THE HIDING PLACES OF GOD

In his excellent A Thief in the Night (1989), Cornwell looked into rumors that Pope John Paul I had been murdered. Here, the former seminarian conducts a yet more subtle and meaningful investigation—of the ``incidence and significance...of paranormal religious phenomena'': flying monks, weeping statues, divine apparitions, and the like. A professed agnostic, Cornwell a few years ago found his nonbelief undermined when he experienced a prophetic ``religious dream.'' His curiosity aroused, he set off on a worldwide hunt for earthly signs of a divine hand, beginning with a visit to the Yugoslavian town of Medjugorje, where, for years, three children have allegedly been conversing daily with the Virgin Mary. Although repulsed by the commercialization of the phenomenon—with souvenir- vendors and millions of tourists creating a ``spiritual Disneyland''—Cornwell found the sight of the children ``speaking silently'' to the invisible Virgin ``truly astonishing,'' with one girl's eyes seeming ``to shine with an unearthly light.'' But what to make of this? And of his subsequent experiences, including witnessing the stigmata of a Montreal recluse, the liquefaction of the dried blood of St Januarius in Naples, and the devotion inspired by the alleged miracles of Padre Pio (healing, stigmata, bilocation)—and, on the dark side, the terror of a man supposedly possessed by evil incarnate? As a journalist, Cornwell's trained skepticism compels him to dig out mundane, generally psychological, explanations for nearly all; and yet he finds himself profoundly moved by the ``symbolic'' power of these ``miracles,'' declaring- -especially after soul-stirring meetings with Briege McKenna, a nun with an apparent gift of healing—that the importance of ``prodigies'' lies not in whether they offer ``supernatural `evidence,' '' but how potent they are as living ``symbols'' of the ``religious imagination.'' An affecting personal spiritual memoir as well as a tantalizing tour through the miraculous, which reveals its mystery- -if not its secret—under Cornwell's fresh and compassionate gaze.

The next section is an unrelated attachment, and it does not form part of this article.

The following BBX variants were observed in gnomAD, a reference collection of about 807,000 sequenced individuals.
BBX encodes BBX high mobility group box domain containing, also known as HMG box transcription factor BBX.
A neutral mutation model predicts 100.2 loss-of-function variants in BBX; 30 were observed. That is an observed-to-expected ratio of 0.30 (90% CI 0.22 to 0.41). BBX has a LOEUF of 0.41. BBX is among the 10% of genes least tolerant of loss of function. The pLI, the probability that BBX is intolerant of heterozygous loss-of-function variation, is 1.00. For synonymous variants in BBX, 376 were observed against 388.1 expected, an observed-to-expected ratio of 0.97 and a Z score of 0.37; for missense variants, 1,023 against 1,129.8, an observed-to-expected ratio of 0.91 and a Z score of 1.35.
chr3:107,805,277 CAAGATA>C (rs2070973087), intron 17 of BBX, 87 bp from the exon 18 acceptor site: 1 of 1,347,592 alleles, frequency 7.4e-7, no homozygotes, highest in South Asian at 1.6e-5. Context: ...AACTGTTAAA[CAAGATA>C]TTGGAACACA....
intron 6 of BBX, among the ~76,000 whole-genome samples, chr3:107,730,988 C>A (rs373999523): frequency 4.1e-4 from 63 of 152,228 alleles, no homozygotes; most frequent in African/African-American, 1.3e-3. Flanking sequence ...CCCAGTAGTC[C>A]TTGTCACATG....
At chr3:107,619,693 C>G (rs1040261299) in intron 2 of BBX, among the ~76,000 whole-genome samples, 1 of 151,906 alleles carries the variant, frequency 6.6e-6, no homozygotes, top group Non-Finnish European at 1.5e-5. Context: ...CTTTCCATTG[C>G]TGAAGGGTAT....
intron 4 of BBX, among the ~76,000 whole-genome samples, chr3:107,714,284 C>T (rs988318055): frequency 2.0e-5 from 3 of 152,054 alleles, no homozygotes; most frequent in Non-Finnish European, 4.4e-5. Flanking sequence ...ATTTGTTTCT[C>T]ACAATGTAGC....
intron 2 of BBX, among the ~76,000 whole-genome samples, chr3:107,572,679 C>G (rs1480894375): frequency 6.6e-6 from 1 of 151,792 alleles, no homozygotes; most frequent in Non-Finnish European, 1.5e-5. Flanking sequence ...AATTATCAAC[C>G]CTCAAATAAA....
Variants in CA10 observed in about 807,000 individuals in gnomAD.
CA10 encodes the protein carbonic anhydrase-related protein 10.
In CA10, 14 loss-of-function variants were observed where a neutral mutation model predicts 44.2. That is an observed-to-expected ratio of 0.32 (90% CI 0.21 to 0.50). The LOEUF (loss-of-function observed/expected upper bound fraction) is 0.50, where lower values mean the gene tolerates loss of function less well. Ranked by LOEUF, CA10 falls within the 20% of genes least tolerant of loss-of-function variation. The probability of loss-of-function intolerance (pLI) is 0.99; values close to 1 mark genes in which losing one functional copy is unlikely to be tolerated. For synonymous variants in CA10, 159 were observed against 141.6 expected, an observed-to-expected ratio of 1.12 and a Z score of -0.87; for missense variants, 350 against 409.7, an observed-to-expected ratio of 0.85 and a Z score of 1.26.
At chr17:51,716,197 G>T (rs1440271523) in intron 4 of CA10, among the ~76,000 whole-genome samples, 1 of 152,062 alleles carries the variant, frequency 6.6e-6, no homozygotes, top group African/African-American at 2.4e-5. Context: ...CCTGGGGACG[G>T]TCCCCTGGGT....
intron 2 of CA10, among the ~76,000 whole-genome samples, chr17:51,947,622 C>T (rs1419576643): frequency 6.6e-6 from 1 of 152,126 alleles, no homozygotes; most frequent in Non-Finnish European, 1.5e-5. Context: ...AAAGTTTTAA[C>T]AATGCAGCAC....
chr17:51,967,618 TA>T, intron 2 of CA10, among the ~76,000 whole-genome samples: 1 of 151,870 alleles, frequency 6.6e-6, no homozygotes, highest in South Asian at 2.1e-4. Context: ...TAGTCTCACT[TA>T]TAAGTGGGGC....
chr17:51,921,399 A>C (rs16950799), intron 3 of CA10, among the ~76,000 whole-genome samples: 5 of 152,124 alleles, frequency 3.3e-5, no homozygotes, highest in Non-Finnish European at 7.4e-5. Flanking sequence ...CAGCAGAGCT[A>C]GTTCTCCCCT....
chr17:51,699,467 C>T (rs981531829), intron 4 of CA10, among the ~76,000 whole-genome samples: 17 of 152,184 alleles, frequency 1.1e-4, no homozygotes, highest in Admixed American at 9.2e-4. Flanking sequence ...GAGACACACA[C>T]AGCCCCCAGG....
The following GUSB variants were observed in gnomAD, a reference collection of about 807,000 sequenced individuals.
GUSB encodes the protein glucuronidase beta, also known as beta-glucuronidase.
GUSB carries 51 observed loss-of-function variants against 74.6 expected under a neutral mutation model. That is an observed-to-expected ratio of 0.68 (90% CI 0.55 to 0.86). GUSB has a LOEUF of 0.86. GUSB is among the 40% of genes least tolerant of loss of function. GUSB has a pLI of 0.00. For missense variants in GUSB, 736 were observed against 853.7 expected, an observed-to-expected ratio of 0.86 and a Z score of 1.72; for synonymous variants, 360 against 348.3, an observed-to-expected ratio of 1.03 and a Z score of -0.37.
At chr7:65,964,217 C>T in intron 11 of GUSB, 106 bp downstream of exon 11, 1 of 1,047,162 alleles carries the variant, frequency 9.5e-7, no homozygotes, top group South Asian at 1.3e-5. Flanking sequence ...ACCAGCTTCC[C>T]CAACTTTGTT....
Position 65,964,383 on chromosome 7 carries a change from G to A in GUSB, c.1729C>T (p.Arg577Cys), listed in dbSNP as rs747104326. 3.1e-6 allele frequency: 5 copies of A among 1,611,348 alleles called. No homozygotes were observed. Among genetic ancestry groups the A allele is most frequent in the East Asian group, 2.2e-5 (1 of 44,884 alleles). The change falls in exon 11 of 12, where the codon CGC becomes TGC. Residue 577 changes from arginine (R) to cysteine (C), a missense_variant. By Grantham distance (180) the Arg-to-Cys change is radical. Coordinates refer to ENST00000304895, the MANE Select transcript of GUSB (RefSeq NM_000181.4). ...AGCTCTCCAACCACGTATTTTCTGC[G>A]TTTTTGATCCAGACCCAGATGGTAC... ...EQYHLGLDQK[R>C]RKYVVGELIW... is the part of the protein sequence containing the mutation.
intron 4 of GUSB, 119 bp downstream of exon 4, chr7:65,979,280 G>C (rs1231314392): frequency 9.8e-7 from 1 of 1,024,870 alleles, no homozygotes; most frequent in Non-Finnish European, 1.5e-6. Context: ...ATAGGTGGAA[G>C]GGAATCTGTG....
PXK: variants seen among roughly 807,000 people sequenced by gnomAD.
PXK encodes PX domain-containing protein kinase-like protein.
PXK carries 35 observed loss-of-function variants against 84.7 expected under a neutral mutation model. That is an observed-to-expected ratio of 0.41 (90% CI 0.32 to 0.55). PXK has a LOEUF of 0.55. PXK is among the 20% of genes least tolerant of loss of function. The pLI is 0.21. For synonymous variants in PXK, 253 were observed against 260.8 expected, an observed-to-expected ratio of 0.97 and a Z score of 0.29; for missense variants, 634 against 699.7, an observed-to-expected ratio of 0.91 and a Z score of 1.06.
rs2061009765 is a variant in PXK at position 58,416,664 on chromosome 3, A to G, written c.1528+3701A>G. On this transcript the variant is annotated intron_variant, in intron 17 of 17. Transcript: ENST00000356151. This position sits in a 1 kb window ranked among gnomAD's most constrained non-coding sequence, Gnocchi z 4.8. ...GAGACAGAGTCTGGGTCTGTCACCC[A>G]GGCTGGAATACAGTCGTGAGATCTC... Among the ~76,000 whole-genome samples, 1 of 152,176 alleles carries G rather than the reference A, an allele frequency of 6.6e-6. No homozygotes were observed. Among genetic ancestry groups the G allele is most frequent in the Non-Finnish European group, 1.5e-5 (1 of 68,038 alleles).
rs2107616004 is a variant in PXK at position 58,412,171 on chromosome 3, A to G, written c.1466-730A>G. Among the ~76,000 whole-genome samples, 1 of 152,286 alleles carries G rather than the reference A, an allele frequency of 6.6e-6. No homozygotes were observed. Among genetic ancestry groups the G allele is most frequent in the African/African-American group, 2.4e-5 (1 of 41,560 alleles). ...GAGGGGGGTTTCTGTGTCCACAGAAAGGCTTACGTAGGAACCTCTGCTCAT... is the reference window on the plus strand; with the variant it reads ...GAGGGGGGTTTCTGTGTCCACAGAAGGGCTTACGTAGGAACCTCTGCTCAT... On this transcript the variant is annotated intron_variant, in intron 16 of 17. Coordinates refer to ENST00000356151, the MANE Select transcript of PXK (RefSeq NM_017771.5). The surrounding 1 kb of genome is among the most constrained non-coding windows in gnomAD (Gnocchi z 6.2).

Pub Date: Oct. 29, 1991

ISBN: 0-446-51468-3

Page Count: 320

Publisher: N/A

Review Posted Online: May 20, 2010

Kirkus Reviews Issue: Aug. 15, 1991

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THE WEIGHT OF GLORY

The name of C.S. Lewis will no doubt attract many readers to this volume, for he has won a splendid reputation by his brilliant writing. These sermons, however, are so abstruse, so involved and so dull that few of those who pick up the volume will finish it. There is none of the satire of the Screw Tape Letters, none of the practicality of some of his later radio addresses, none of the directness of some of his earlier theological books.

Pub Date: June 15, 1949

ISBN: 0060653205

Page Count: 212

Publisher: Macmillan

Review Posted Online: Oct. 17, 2011

Kirkus Reviews Issue: June 15, 1949

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REFLECTIONS ON THE PSALMS

Internationally renowned because of his earlier books, among them tape Letters, Surprised by Joy, Mere Christianity, C. S. Lewis making religion provoking, memorable and delightful is still more latest Reflections on the Psalms. Though he protests that he writes learned about things in which he is unlearned himself, the reader is likely thank God for his wise ignorance. Here especially he throws a clear lightly or not, on many of the difficult psalms, such as those which abound with and cursing, and a self-centeredness which seems to assume' that God must be side of the psalmist. These things, which make some psalm singers pre not there, have a right and proper place, as Mr. Lewis shows us. They of Psalms more precious still. Many readers owe it to themselves to read flections if only to learn this hard but simple lesson. Urge everyone to book.

Pub Date: June 15, 1958

ISBN: 015676248X

Page Count: 166

Publisher: N/A

Review Posted Online: Oct. 17, 2011

Kirkus Reviews Issue: June 15, 1958

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